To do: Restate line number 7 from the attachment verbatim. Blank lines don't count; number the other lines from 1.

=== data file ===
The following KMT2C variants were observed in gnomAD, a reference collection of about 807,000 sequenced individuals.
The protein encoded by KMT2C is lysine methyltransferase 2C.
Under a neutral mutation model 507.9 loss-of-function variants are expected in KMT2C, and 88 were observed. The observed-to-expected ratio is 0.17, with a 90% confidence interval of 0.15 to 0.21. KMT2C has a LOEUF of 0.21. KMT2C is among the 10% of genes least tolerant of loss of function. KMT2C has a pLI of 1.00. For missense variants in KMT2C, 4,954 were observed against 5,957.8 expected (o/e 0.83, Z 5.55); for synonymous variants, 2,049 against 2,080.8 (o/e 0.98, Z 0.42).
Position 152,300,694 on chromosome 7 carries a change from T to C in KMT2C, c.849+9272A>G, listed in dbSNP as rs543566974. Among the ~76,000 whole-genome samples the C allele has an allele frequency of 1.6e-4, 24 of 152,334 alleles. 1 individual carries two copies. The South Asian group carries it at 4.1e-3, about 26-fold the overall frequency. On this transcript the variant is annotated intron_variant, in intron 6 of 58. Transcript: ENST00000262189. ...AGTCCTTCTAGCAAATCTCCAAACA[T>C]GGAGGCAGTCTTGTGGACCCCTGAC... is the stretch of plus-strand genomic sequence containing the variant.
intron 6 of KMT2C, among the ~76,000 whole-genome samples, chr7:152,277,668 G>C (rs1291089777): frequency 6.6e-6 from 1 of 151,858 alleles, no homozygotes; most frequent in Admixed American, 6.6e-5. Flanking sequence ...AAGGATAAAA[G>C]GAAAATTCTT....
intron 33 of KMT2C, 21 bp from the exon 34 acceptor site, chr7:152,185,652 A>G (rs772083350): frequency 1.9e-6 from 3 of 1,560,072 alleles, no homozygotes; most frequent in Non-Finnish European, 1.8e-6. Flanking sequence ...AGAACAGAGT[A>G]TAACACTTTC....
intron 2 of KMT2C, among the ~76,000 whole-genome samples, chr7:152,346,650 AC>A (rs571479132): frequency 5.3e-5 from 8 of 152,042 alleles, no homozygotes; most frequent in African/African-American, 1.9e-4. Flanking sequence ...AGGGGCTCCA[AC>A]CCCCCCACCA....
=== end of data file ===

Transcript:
intron 2 of KMT2C, among the ~76,000 whole-genome samples, chr7:152,346,650 AC>A (rs571479132): frequency 5.3e-5 from 8 of 152,042 alleles, no homozygotes; most frequent in African/African-American, 1.9e-4. Flanking sequence ...AGGGGCTCCA[AC>A]CCCCCCACCA....